Rebecca Calisi Rodríguez

Charting an Original Path

Rebecca Calisi Rodríguez

Charting an Original Path

About the Film

Rebecca Calisi Rodríguez’s research on pigeons, like her life, is one of charting an original path. Her experiences as a Mexican-Italian-American woman, professor, artist and mother have provided her with fascinating and unusual perspectives to study the biology of parental behavior. And in so doing, she is redefining what it means to be a scientist.

Short Films Science Identity Transcript

Speaker: Please put your hands together for Dr. Rebecca Calisi Rodriguez.

Rebecca Calisi Rodríguez, Ph.D.: Hello, good morning! Or is it afternoon already? Well, hello, just the same. Today, we march for science, but I also stand up here today to remind you that, in order to support science, we must support the diverse needs of the people doing the science. We love to make these boxes, right? We love to make these boxes. You are an underrepresented minority, you are a woman, you are a this, that, and the other, and I feel like I intersect a lot of these categories.

From a very young age, I was always interested in animals. My family had a cattle ranch, Las Gladiolas Ranch. It’s on the Texas-Mexico border. I spent a lot of my time growing up on this ranch, running around with my cousins and getting into trouble. My mother is Mexican-American and she’s from the Texas-Mexico border. My father is Italian-American and he’s from New York and from an early age, they noticed that I was really into art and I went to college to be an artist.

When I graduated from college, that was when the Dallas Zoo commissioned me to paint a huge mural in their Wilds of Africa schoolhouse education center. At that time, the Dallas Zoo was one of the top breeders of okapi. They had stopped breeding and they didn’t know why. How they were going to find this out is by measuring a metabolite of a hormone in their urine called cortisol and they said, “do you wanna participate in this project?” I said, “oh my gosh, of course!”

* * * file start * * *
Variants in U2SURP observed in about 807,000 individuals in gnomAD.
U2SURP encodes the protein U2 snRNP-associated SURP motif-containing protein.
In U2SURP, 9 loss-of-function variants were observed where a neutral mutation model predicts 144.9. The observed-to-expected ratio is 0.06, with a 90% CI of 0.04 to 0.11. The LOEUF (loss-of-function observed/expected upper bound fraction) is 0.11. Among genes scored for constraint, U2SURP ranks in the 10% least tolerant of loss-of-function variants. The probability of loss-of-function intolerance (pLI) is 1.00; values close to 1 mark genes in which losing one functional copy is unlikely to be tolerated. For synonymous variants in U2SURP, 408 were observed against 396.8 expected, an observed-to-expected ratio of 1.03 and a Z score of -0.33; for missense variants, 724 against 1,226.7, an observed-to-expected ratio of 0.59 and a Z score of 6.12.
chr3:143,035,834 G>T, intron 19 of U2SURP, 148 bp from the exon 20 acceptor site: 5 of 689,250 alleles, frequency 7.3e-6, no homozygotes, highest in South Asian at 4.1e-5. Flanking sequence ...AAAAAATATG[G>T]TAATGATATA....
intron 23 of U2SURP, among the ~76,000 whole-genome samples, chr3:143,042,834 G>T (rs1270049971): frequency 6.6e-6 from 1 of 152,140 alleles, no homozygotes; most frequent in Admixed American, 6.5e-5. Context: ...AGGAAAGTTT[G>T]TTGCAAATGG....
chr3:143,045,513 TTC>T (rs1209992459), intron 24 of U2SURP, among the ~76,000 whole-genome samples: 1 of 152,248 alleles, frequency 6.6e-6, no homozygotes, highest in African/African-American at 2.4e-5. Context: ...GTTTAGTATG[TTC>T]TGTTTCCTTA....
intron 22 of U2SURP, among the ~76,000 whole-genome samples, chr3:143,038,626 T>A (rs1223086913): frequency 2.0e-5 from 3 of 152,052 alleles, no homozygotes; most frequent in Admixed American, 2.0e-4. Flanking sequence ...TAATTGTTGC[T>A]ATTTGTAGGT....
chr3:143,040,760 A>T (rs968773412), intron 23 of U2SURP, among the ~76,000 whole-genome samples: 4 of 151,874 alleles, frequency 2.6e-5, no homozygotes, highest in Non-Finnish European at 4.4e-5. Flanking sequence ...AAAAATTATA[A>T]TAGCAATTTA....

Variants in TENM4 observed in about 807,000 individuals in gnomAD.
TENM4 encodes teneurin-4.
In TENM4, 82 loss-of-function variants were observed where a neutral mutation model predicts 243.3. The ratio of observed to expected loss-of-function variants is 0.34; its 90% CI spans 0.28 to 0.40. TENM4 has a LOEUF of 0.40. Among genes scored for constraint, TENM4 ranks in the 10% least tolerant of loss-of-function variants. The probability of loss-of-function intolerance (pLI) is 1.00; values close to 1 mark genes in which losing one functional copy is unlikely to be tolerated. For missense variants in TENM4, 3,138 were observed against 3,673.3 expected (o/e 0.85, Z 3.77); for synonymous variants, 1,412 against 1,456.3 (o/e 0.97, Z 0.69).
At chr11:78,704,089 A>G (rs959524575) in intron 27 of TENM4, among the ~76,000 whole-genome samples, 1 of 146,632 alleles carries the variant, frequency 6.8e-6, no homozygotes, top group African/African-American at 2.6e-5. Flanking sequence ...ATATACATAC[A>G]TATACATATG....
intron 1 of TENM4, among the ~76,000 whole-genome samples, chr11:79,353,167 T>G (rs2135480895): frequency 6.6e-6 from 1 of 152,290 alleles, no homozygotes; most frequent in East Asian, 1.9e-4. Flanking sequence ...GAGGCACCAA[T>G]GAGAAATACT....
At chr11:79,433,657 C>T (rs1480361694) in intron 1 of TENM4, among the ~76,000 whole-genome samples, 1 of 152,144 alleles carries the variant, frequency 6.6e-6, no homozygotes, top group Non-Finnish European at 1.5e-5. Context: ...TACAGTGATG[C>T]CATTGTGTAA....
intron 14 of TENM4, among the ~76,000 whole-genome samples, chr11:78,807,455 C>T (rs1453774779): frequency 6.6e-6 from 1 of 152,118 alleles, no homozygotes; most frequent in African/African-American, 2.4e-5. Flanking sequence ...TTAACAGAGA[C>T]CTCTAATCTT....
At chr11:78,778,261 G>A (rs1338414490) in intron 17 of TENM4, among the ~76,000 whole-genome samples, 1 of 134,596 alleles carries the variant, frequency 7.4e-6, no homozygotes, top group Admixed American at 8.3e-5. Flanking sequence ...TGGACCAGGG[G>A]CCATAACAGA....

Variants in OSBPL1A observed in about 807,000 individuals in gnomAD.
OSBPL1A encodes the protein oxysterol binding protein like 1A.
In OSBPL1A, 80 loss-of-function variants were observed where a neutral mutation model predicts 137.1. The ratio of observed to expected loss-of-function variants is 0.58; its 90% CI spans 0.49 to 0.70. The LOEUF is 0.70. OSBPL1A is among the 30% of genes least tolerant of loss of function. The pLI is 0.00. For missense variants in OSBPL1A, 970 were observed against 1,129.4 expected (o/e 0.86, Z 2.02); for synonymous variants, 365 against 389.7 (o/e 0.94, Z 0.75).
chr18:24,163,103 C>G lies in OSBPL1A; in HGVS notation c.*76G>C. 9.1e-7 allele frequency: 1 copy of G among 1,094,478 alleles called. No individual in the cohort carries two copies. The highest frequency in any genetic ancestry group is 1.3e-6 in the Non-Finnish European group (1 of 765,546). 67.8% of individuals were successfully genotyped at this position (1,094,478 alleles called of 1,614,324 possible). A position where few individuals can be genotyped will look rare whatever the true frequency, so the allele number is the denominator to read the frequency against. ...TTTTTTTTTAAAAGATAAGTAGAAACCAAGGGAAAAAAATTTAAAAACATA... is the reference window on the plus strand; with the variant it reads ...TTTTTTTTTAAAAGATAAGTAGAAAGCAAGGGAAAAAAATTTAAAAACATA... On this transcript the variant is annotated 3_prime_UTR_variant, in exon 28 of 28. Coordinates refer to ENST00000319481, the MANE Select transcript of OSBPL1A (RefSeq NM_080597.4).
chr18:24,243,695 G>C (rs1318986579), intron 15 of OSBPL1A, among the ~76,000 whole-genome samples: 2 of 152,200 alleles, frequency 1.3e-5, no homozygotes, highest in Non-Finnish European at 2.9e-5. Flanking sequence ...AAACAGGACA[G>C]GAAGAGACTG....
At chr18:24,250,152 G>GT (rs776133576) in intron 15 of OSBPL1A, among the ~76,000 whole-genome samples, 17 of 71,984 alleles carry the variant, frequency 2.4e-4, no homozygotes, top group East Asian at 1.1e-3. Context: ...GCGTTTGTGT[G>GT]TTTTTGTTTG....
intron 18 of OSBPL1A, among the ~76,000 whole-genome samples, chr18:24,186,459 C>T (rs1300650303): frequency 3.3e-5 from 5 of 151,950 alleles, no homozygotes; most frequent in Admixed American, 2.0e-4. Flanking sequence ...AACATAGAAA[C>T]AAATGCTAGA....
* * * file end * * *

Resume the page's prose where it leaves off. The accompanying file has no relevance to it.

I sat in the stall with this beautiful, magical creature and then, they said, every time it urinates, collect that urine. So, that was my very glamorous job, but what ended up happening is they found out that their cortisol levels were very high and they were high all the time. This was bad. This might be why they weren’t breeding. So, what they did is, they found all the things that could possibly be stressing out the okapi. Remove them, and wouldn’t you know? I think it was maybe a month or two later, the okapi started breeding again and to me, this was a huge… I like to call it my Doctor Dolittle moment, because, in a way, the okapi were talking to us. They were telling us through their hormones that they were really stressed out so we could do something about it.

Rebecca Calisi Rodríguez, Ph.D.